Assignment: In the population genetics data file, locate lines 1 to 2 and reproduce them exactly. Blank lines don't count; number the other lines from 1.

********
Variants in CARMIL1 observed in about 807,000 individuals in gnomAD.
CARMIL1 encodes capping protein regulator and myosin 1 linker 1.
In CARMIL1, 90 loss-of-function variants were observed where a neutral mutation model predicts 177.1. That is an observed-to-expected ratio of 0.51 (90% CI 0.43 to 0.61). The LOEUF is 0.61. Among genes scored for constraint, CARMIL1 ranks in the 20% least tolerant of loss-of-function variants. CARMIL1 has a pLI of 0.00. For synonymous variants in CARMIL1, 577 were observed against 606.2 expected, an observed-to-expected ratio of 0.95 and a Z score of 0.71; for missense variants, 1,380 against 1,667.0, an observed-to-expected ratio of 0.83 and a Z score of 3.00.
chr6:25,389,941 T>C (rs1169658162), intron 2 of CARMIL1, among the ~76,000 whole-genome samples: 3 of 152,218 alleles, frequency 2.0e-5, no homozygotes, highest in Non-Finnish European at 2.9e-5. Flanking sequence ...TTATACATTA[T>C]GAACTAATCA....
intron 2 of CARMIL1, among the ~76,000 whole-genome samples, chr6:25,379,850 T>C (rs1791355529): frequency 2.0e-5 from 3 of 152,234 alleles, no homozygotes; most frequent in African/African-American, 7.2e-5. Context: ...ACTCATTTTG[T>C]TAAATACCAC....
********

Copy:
Variants in CARMIL1 observed in about 807,000 individuals in gnomAD.
CARMIL1 encodes capping protein regulator and myosin 1 linker 1.